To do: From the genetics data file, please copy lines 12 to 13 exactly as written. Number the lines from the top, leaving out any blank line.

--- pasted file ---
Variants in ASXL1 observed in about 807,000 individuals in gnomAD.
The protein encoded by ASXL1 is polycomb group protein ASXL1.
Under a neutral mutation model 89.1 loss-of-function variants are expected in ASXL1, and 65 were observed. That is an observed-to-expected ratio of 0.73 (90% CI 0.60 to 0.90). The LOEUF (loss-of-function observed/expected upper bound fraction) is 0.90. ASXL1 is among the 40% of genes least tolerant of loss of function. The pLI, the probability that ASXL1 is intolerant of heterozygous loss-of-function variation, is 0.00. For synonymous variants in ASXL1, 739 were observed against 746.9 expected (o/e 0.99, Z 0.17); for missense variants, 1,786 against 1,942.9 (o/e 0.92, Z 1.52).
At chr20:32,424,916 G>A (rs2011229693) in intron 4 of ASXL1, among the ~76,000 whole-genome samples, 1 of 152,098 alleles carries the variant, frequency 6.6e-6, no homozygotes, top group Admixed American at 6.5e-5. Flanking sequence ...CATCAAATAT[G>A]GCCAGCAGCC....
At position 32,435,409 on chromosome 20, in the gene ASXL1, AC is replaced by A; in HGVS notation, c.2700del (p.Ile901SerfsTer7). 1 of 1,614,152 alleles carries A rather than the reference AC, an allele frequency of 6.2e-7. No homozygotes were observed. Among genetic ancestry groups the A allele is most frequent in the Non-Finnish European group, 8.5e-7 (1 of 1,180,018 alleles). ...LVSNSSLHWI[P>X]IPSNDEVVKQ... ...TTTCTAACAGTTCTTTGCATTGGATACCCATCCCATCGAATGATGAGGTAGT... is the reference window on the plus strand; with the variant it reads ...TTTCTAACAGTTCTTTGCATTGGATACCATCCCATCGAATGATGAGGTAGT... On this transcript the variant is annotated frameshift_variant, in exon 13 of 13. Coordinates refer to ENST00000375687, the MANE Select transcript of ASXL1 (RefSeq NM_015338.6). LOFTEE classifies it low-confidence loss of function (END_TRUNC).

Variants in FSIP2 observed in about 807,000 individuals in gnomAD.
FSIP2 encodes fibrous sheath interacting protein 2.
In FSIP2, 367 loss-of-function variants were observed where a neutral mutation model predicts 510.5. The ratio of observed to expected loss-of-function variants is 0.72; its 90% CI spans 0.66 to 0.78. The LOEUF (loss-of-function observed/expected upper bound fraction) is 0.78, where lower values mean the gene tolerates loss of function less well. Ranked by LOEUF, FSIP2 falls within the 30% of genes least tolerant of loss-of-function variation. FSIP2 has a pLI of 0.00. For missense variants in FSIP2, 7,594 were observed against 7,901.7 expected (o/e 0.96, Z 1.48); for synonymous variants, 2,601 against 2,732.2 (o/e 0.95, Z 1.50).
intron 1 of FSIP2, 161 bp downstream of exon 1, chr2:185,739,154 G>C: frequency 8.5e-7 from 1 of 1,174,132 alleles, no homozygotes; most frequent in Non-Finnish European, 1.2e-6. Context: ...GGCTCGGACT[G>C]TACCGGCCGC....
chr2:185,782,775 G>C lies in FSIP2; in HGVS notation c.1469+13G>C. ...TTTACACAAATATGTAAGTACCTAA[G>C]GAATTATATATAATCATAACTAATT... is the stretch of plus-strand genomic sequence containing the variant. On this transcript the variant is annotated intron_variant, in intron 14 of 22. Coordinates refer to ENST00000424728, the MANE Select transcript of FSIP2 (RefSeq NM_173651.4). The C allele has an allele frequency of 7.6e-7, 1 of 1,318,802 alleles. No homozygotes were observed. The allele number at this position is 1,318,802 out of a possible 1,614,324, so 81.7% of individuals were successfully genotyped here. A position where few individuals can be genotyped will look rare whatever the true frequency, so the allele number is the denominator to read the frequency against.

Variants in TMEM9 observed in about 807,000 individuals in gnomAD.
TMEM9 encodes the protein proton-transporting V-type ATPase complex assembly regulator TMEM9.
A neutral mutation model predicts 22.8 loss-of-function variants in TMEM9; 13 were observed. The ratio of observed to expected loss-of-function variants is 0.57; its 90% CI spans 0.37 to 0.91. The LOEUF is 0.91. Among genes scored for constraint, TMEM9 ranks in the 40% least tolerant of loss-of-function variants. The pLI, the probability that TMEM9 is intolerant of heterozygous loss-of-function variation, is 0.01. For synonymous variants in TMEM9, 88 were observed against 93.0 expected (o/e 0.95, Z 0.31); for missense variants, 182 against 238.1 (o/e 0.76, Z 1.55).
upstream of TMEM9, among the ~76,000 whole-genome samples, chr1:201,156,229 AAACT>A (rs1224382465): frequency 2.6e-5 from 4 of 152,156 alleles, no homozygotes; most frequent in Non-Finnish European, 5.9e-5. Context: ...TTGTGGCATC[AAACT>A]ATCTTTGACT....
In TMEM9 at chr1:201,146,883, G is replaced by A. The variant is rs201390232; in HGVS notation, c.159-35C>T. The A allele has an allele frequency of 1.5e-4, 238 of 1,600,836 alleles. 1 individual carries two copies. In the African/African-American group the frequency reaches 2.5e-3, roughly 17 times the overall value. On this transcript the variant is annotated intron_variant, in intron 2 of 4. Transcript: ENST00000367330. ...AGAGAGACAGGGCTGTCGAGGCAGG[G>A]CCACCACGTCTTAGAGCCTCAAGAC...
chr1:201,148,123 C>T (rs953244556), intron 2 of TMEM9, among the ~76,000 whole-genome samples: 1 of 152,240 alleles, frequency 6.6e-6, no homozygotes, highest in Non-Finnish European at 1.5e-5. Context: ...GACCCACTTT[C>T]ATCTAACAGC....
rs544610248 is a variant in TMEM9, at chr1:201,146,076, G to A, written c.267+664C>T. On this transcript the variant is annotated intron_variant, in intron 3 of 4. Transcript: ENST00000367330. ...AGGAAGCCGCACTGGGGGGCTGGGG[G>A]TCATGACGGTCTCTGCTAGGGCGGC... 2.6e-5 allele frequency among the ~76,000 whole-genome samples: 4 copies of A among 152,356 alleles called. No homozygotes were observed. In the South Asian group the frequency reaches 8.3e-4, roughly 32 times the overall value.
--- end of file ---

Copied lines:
TMEM9 encodes the protein proton-transporting V-type ATPase complex assembly regulator TMEM9.
A neutral mutation model predicts 22.8 loss-of-function variants in TMEM9; 13 were observed. The ratio of observed to expected loss-of-function variants is 0.57; its 90% CI spans 0.37 to 0.91. The LOEUF is 0.91. Among genes scored for constraint, TMEM9 ranks in the 40% least tolerant of loss-of-function variants. The pLI, the probability that TMEM9 is intolerant of heterozygous loss-of-function variation, is 0.01. For synonymous variants in TMEM9, 88 were observed against 93.0 expected (o/e 0.95, Z 0.31); for missense variants, 182 against 238.1 (o/e 0.76, Z 1.55).